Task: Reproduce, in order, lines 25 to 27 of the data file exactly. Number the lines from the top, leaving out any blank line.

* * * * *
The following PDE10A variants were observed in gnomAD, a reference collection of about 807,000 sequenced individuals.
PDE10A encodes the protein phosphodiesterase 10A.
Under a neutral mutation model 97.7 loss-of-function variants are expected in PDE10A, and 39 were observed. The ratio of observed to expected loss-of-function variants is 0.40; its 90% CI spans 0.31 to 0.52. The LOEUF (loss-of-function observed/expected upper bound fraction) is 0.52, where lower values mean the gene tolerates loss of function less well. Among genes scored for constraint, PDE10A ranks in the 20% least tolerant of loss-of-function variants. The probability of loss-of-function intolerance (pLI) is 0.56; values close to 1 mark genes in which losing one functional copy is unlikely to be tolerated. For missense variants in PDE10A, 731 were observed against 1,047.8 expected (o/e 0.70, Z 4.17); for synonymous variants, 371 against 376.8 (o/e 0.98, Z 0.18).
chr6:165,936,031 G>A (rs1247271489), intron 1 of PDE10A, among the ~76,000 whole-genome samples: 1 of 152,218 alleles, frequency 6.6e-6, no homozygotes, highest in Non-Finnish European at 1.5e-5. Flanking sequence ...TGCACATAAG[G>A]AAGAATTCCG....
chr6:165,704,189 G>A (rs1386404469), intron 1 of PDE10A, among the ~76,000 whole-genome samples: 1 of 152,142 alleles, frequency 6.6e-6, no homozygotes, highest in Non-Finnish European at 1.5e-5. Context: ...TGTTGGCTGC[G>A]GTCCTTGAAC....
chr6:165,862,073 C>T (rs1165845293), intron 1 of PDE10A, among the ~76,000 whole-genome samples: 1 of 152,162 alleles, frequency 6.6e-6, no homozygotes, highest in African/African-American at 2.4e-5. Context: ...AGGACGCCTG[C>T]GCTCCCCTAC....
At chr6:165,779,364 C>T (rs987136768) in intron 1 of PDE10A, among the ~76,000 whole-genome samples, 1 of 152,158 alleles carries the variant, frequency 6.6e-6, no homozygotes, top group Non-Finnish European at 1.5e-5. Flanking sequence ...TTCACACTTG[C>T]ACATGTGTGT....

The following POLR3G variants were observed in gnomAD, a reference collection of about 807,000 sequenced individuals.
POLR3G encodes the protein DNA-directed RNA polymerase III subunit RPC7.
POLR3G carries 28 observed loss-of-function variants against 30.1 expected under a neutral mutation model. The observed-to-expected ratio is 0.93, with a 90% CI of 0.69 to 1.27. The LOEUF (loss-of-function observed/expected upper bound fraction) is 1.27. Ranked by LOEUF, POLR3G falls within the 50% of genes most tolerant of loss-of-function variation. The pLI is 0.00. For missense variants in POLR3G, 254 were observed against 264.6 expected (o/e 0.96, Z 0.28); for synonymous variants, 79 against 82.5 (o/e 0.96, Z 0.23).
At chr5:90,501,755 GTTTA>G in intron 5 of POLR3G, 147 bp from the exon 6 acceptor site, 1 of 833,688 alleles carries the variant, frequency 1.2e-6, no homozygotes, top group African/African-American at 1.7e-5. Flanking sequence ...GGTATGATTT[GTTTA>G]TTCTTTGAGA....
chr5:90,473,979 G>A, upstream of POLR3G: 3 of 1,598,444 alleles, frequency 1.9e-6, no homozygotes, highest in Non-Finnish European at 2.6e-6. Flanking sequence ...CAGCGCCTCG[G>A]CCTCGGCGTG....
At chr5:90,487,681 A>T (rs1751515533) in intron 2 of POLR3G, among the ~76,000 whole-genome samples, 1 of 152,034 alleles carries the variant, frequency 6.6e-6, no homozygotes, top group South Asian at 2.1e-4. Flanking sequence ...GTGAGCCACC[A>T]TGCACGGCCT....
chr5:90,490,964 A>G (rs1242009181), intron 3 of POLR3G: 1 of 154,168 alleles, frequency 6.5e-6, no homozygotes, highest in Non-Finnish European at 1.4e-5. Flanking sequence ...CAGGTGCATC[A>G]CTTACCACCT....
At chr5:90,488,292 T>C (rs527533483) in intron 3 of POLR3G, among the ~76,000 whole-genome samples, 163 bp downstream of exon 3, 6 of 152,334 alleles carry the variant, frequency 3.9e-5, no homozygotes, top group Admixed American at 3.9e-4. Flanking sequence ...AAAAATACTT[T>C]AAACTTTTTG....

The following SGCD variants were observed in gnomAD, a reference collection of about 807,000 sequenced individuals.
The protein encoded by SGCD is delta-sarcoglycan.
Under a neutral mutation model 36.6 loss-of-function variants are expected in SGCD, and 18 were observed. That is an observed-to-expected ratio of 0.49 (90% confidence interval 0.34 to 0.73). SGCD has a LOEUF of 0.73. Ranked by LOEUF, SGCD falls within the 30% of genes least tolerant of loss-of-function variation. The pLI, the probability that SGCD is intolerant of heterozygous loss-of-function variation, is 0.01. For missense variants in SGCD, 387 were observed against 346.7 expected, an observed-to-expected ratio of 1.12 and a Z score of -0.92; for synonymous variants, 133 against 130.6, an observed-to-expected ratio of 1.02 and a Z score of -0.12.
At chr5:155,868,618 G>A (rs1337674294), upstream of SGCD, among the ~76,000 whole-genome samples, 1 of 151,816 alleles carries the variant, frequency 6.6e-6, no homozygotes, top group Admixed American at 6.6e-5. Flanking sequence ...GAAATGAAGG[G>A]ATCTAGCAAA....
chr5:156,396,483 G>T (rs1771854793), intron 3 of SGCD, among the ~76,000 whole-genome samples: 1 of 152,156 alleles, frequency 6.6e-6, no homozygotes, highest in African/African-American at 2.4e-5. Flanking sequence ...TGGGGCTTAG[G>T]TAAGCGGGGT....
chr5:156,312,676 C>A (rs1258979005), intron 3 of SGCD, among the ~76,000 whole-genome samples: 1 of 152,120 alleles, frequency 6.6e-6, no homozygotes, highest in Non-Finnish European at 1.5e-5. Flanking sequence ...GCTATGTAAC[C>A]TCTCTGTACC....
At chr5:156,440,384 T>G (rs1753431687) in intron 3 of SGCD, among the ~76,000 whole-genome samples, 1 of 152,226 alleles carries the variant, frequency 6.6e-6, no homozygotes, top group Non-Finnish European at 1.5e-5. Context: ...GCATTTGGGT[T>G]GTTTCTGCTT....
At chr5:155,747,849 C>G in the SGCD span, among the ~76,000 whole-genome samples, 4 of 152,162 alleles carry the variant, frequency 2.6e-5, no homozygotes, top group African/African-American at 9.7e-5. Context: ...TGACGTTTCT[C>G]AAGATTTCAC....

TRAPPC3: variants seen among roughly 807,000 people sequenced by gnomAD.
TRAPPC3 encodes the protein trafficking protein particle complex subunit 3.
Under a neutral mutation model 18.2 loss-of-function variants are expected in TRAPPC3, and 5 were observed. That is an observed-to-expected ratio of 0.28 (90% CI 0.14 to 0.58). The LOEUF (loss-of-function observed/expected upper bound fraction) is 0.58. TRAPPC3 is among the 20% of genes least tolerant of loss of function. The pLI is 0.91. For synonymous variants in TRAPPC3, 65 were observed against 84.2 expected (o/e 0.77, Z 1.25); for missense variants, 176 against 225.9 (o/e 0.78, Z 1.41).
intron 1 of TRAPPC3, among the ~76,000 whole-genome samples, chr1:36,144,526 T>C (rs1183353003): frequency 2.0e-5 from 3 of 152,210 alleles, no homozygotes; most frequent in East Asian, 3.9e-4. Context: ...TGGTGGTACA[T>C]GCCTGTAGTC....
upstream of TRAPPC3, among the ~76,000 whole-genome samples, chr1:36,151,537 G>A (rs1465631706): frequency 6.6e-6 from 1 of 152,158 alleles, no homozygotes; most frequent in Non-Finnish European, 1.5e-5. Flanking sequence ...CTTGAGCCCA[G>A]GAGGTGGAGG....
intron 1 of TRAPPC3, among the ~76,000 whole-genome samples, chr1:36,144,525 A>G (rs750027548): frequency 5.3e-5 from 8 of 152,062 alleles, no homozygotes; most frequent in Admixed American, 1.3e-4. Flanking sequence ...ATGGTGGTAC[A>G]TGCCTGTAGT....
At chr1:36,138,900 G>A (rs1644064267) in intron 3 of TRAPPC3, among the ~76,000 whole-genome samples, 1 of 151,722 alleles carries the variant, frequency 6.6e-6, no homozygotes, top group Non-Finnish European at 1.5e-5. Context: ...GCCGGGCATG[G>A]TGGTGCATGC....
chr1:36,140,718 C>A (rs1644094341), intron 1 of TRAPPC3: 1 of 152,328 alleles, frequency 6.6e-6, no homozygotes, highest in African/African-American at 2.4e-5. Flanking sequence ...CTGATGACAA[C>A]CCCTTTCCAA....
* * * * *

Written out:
TRAPPC3 encodes the protein trafficking protein particle complex subunit 3.
Under a neutral mutation model 18.2 loss-of-function variants are expected in TRAPPC3, and 5 were observed. That is an observed-to-expected ratio of 0.28 (90% CI 0.14 to 0.58). The LOEUF (loss-of-function observed/expected upper bound fraction) is 0.58. TRAPPC3 is among the 20% of genes least tolerant of loss of function. The pLI is 0.91. For synonymous variants in TRAPPC3, 65 were observed against 84.2 expected (o/e 0.77, Z 1.25); for missense variants, 176 against 225.9 (o/e 0.78, Z 1.41).
intron 1 of TRAPPC3, among the ~76,000 whole-genome samples, chr1:36,144,526 T>C (rs1183353003): frequency 2.0e-5 from 3 of 152,210 alleles, no homozygotes; most frequent in East Asian, 3.9e-4. Context: ...TGGTGGTACA[T>C]GCCTGTAGTC....